Marshall is not the movie that should have been made about Thurgood Marshall. The man who commanded respect anywhere he went- from his lawsuit against the University of Maryland after denying him admittance to the countless times he appeared before the U.S. Supreme Court, is frequently pushed aside in the biopic that carries his own name. Chadwick Boseman plays Marshall exceptionally well, but the movie forces him to give up the spotlight far too often.
In 1940, 30 year-old Thurgood Marshall heads to posh Greenwich, Connecticut to defend Joseph Spell (Sterling K. Brown) a black chauffeur who has been accused of raping and attempting to murder his wealthy white socialite employer (Kate Hudson). The case is dubbed “Connecticut v. Joseph Spell,” and the presiding Judge Foster (James Cromwell) denies the right to let an out-of-state attorney defend the accused. His reluctance is clearly out of hostility towards the upstart black attorney than for procedure purposes. Marshall is forced to partner with a young Jewish insurance lawyer, Samuel Friedman (Josh Gad), who has no experience in criminal litigation. The judge does not allow Marshall to speak in court. Therefore, Friedman becomes his mouthpiece and the cards are unequivocally stacked against them.
While we have not seen Thurgood Marshall represented much in film, it does feel like we’ve seen this movie more than once before. But that isn’t really the point. I’ve eaten chicken parmesan hundreds of times before. I still enjoy it at every occasion, the same dish, so long as it’s made well. Marshall isn’t reinventing any new wheels, but by the slimmest of margins is made well enough to enjoy.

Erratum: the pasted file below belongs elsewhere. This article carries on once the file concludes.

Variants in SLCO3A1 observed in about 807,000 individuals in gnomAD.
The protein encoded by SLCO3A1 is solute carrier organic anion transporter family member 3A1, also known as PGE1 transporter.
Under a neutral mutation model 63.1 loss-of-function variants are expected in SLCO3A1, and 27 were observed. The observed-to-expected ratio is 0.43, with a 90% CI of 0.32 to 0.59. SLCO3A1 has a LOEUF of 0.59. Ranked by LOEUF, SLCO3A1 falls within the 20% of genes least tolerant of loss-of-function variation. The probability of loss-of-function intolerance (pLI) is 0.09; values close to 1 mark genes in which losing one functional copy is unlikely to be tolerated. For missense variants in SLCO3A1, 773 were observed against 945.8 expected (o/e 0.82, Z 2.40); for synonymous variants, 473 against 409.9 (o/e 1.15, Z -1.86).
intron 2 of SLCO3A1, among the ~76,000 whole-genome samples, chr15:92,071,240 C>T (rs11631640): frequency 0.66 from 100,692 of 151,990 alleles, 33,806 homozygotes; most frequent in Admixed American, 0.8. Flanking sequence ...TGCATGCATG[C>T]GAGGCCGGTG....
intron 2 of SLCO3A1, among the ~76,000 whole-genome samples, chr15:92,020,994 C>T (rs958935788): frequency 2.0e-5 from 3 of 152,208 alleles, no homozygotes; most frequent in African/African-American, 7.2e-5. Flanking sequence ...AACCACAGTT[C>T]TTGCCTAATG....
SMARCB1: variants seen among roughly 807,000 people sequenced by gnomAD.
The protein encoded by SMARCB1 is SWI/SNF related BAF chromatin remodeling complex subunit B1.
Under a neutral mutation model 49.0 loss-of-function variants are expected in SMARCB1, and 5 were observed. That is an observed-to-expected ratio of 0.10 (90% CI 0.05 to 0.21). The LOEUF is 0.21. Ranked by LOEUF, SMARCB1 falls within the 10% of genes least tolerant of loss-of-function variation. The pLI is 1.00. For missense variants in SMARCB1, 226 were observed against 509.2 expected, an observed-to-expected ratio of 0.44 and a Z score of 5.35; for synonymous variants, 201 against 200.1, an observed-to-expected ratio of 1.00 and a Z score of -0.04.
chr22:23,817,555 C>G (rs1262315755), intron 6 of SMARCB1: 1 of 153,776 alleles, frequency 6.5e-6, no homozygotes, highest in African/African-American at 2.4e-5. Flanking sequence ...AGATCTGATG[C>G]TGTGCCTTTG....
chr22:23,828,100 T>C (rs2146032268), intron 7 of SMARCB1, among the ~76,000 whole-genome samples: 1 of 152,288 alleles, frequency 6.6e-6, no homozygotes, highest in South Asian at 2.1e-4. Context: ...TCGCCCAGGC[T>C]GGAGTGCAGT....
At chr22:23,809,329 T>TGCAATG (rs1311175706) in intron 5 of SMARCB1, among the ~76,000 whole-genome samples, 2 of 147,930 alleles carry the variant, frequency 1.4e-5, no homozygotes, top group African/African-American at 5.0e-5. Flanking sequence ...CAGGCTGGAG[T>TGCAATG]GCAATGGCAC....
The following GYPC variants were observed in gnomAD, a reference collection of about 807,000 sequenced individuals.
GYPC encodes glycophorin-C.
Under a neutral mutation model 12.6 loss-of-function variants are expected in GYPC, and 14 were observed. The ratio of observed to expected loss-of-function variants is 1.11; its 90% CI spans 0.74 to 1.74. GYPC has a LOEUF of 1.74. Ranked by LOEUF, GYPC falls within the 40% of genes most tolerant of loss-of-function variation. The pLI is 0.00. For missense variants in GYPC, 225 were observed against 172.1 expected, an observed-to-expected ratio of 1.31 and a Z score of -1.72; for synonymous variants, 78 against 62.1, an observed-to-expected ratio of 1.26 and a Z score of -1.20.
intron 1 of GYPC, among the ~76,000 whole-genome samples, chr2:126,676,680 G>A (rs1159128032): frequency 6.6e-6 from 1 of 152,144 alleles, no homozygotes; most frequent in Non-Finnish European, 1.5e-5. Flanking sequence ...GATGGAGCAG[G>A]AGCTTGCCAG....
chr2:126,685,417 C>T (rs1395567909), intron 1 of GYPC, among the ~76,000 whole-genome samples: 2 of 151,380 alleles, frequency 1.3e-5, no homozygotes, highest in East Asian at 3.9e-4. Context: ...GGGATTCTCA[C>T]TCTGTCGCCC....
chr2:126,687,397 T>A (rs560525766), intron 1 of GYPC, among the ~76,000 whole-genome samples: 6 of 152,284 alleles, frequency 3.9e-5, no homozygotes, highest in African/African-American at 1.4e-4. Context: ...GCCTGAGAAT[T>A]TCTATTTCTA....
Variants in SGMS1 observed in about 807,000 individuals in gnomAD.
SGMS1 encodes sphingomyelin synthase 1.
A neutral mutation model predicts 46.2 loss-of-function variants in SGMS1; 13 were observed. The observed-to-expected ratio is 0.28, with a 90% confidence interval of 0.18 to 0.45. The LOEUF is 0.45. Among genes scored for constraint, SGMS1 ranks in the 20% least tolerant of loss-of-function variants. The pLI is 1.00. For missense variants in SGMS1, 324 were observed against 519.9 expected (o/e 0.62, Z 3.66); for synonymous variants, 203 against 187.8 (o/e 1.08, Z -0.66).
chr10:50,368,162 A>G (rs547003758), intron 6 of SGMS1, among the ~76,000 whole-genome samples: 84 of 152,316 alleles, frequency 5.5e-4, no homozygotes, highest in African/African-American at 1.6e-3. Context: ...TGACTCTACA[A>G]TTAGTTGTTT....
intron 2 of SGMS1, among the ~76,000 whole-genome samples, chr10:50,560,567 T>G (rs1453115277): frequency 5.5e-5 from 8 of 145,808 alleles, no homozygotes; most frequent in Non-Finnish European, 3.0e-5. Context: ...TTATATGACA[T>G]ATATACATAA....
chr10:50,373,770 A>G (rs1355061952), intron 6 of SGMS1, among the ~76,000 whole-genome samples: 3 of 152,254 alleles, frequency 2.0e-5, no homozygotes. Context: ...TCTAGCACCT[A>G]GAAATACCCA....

From a technical standpoint, the film does not go out of its way to impress. Many of the single interior’s looks like it was shot in a back lot. The cinematography, costume, and production design, seem serviceable at best. Direction wise, Reginald Hudlin doesn’t take the story to the level of other praised court-room dramas such as Robert Mulligan’s To Kill a Mockingbird or Sidney Lumet’s 12 Angry Men.
Although Boseman is terrific, it’s evident he would have shined similarly in an adaption of another case the illustrious attorney handled- Brown v. Board of Ed. The trial that unarguably had the most impact for decades to come should have been the obvious choice.
With that being said, Thurgood Marshall’s spirit does prevail and I’m happy to see his legacy being passed on by way of the big screen. But I’d be lying if I told you one of our country’s most heroic attorney’s and fearless civil rights pioneers got his due.
Contributed By Brandon Colón